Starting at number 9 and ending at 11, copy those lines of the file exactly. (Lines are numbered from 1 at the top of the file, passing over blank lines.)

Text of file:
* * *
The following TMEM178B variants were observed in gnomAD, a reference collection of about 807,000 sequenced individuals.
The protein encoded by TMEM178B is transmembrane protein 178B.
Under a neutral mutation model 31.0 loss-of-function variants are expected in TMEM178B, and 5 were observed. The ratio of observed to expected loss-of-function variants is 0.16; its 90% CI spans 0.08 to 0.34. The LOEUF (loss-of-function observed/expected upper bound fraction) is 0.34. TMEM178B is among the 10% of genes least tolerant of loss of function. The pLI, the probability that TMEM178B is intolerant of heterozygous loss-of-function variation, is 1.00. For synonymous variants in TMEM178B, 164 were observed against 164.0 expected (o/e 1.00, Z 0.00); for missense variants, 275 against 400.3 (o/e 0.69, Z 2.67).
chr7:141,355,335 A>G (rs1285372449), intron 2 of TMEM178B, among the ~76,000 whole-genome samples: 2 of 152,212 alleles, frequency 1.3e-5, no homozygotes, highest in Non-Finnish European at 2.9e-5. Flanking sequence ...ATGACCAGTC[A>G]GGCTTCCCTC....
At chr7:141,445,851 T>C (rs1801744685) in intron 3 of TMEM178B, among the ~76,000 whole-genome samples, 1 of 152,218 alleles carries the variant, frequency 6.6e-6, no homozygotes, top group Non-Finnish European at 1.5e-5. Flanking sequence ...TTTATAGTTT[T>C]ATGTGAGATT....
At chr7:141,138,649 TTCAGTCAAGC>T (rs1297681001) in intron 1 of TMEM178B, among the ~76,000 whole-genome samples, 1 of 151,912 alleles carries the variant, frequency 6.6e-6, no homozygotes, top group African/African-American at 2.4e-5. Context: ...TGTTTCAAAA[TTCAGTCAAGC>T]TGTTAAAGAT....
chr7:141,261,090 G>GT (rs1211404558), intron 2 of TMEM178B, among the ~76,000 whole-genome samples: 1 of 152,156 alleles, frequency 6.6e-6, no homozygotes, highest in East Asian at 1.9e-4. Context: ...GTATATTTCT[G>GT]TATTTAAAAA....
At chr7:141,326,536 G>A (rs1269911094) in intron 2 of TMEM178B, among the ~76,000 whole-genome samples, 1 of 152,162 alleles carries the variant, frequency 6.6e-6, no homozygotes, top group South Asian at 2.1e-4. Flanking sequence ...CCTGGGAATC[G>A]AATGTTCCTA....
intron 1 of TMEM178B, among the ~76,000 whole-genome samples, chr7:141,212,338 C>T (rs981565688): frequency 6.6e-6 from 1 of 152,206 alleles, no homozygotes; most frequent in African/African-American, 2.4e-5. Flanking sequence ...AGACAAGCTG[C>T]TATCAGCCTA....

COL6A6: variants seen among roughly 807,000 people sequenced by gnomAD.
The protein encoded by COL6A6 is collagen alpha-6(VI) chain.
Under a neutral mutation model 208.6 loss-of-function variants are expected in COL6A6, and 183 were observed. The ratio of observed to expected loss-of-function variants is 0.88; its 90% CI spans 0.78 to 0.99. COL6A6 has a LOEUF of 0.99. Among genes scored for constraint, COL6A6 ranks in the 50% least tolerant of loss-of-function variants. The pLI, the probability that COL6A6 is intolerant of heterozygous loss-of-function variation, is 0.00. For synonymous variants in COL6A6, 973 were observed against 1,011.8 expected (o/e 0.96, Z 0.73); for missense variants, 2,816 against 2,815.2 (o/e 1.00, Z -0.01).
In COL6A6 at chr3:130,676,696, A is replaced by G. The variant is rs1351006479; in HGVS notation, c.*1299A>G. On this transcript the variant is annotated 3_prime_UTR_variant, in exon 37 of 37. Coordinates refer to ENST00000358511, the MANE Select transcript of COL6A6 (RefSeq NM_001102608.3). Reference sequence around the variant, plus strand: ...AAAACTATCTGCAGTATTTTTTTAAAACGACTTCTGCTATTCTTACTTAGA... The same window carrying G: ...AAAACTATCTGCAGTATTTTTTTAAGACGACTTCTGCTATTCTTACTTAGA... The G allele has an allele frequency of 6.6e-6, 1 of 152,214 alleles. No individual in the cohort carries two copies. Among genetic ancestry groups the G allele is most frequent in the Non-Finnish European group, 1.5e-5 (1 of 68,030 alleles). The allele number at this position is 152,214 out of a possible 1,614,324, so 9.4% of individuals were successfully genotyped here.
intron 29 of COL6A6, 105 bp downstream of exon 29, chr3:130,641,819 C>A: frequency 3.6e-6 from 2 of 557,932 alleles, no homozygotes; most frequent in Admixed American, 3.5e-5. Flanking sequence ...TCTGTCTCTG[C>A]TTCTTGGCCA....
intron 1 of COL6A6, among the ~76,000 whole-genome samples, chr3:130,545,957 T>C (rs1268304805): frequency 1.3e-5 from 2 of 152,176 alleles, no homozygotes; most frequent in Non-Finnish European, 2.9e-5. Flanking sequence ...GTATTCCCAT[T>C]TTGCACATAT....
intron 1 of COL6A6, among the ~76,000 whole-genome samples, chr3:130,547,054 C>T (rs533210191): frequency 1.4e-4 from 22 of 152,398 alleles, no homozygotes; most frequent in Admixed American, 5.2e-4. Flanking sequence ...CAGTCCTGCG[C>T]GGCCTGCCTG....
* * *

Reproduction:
intron 1 of TMEM178B, among the ~76,000 whole-genome samples, chr7:141,212,338 C>T (rs981565688): frequency 6.6e-6 from 1 of 152,206 alleles, no homozygotes; most frequent in African/African-American, 2.4e-5. Flanking sequence ...AGACAAGCTG[C>T]TATCAGCCTA....

COL6A6: variants seen among roughly 807,000 people sequenced by gnomAD.
The protein encoded by COL6A6 is collagen alpha-6(VI) chain.